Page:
7 Natural Home Remedies for Spring Allergies

These foods and herbs (and this supercharged soup recipe!) are effective allergy remedies.

February 16, 2017
broccoli greens

Adapted from Health-Defense

Nearly 30 million American children and adults suffer from asthma, which is when the respiratory "pipes" (bronchi) that carry air in and out of the lungs are inflamed and spasm. And every year, the disease sends more than 500,000 people to the hospital, killing 4,000 with severe, choking asthma attacks.

More: 6 Toxic Threats Making Your Allergies Worse

Fifty percent of people with asthma have attacks triggered by allergens, such as molds, dust mites, and animal dander. Of course, you can have allergies without asthma. You can have hay fever (seasonal allergic rhinitis), which is when your immune system mistakes pollen from grass, trees, or weeds for a foreign invader and revs up its defenses, triggering sneezing, red and itchy eyes, a stuffed and runny nose, and fatigue.

More: The 15 Best Sneeze-Stifling Supplements

But whether you have asthma or asthma and allergies or just allergies, you may have noticed your condition is getting worse. The rates of asthma have increased over the past 25 years—the number of people with asthma has increased fourfold, and the number of deaths from asthma attacks has doubled. And people with hay fever are noticing that every allergy season seems like the worst ever. What's happening? It could be changes in the environment.

And these foods and herbs may just be the solutions to your allergy problems: 

Broccoli
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Broccoli

It's rich in allergy-relieving vitamin C—1 cup of raw broccoli delivers about 80 milligrams. (Studies also show that low levels of vitamin C increase the risk for developing asthma.)

Citrus fruits
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Citrus fruits

These are another excellent source of vitamin C, with a large orange containing nearly 100 milligrams. Half of a large grapefruit supplies 60 milligrams.

More: 13 Nutrients You Aren't Eating Enough Of

kale
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Leafy greens, such as kale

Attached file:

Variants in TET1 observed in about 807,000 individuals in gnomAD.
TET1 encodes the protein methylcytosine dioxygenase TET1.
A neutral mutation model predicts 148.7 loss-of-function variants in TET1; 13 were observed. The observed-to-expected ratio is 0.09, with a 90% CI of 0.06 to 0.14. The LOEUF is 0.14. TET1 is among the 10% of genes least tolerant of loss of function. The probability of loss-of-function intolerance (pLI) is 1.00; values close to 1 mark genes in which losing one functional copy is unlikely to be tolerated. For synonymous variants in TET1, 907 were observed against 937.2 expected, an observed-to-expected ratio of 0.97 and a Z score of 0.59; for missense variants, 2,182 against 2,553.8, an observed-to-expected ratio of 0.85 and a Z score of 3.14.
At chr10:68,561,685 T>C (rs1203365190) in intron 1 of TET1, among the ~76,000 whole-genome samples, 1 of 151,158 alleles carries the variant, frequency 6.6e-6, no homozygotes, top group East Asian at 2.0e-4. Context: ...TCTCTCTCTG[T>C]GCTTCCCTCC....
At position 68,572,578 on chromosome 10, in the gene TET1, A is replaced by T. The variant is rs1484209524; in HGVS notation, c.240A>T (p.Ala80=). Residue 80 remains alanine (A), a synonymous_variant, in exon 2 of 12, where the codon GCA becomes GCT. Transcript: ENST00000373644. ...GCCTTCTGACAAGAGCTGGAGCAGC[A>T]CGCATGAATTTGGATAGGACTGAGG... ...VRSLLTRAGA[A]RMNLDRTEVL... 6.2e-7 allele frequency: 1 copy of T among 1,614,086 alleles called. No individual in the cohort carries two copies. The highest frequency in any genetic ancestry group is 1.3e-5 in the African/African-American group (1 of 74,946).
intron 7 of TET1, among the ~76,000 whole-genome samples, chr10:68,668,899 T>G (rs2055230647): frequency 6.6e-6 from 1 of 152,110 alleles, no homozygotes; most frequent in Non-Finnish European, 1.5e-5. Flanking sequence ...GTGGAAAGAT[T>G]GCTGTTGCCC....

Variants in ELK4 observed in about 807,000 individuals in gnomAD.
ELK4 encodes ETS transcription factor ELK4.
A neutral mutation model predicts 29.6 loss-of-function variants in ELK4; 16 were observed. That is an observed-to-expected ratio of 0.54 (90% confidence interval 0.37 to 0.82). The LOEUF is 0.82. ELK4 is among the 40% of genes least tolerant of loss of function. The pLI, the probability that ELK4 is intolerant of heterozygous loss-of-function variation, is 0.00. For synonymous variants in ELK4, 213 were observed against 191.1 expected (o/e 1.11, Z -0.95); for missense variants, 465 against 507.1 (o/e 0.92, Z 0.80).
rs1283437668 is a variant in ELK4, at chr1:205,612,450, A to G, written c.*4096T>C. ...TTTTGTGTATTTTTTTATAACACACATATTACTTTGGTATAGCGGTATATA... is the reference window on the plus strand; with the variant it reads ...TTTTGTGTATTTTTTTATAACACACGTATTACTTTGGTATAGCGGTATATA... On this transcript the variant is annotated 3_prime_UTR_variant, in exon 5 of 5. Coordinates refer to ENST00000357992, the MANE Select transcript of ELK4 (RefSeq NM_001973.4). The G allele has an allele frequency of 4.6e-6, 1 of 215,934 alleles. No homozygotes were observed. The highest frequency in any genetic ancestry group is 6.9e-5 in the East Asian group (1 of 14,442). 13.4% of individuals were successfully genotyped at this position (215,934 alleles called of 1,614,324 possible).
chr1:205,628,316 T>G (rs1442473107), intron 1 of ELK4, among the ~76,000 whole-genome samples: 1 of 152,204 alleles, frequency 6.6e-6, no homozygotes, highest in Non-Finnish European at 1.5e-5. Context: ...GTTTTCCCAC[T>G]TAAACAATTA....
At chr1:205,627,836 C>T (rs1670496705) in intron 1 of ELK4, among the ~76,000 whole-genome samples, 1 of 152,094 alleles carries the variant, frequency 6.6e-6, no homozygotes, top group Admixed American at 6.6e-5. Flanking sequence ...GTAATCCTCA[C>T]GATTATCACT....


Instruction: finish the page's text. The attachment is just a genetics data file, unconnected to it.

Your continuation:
This leafy green is rich in carotenoids, compounds shown to help fight allergy symptoms. To increase absorption, lightly sauteĢ the greens in olive oil. (Spinach is also rich in folate, a nutrient linked to lower risk of allergic reactions.)

Stinging nettle
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Stinging nettle

Taken as a supplement, this herb can help control allergy symptoms. Suggested dosage: 500 milligrams three times a day.

More: The 5 Step Anti-Allergy Plan

Butterbur
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Butterbur

Rich in anti-allergy compounds, this herb is just as effective as a prescription antihistamine for controlling allergy symptoms, such as sneezing, itching, runny nose, stuffiness, and watery eyes. (One difference: It takes about 5 days to work.) Follow the dosage recommendations on the label.

Onions and garlic
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Onions and garlic

They're rich in quercetin, an antioxidant shown in many studies to fight allergies. Apples are a good source of quercetin, too.

More: How to Supercharge the Healing Power of Garlic

soup
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Anti-allergy soup

Herbal expert James Duke, PhD, recommends the following allergy-fighting soup recipe:

1. Boil an onion (with skin) and a clove of garlic.
2. Add 1/2 cup chopped leaves and diced taproots of evening primrose.
3. After boiling for about 5 minutes, add 1 cup nettle leaves and 1 cup diced celery stalks and boil gently for another 3 to 10 minutes.
4. Season with wine vinegar, black pepper, hot pepper, turmeric, curry powder, or celery seed.
5. Before eating, remove the onion skin. Eat the soup while it's warm.

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Tags: nutrition